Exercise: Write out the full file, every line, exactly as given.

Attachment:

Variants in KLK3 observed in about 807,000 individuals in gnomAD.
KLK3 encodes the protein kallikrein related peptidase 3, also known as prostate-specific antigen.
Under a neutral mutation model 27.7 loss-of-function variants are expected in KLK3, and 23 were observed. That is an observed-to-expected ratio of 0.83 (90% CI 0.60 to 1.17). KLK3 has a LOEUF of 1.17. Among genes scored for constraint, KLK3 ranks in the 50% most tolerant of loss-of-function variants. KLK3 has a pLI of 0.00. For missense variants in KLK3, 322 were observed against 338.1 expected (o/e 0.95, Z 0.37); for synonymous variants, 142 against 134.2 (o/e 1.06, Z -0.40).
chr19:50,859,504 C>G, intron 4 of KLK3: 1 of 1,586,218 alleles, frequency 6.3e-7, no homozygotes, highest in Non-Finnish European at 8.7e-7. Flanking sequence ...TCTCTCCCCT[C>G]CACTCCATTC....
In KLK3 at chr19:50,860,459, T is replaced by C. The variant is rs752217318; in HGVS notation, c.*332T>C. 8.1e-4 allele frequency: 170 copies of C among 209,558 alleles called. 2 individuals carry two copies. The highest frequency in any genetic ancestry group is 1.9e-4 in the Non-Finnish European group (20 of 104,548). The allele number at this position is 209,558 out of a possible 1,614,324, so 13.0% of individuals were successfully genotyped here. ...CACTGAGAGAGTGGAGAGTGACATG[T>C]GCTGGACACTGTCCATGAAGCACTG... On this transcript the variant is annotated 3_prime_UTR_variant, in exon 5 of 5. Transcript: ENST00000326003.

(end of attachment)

Variants in KLK3 observed in about 807,000 individuals in gnomAD.
KLK3 encodes the protein kallikrein related peptidase 3, also known as prostate-specific antigen.
Under a neutral mutation model 27.7 loss-of-function variants are expected in KLK3, and 23 were observed. That is an observed-to-expected ratio of 0.83 (90% CI 0.60 to 1.17). KLK3 has a LOEUF of 1.17. Among genes scored for constraint, KLK3 ranks in the 50% most tolerant of loss-of-function variants. KLK3 has a pLI of 0.00. For missense variants in KLK3, 322 were observed against 338.1 expected (o/e 0.95, Z 0.37); for synonymous variants, 142 against 134.2 (o/e 1.06, Z -0.40).
chr19:50,859,504 C>G, intron 4 of KLK3: 1 of 1,586,218 alleles, frequency 6.3e-7, no homozygotes, highest in Non-Finnish European at 8.7e-7. Flanking sequence ...TCTCTCCCCT[C>G]CACTCCATTC....
In KLK3 at chr19:50,860,459, T is replaced by C. The variant is rs752217318; in HGVS notation, c.*332T>C. 8.1e-4 allele frequency: 170 copies of C among 209,558 alleles called. 2 individuals carry two copies. The highest frequency in any genetic ancestry group is 1.9e-4 in the Non-Finnish European group (20 of 104,548). The allele number at this position is 209,558 out of a possible 1,614,324, so 13.0% of individuals were successfully genotyped here. ...CACTGAGAGAGTGGAGAGTGACATG[T>C]GCTGGACACTGTCCATGAAGCACTG... On this transcript the variant is annotated 3_prime_UTR_variant, in exon 5 of 5. Transcript: ENST00000326003.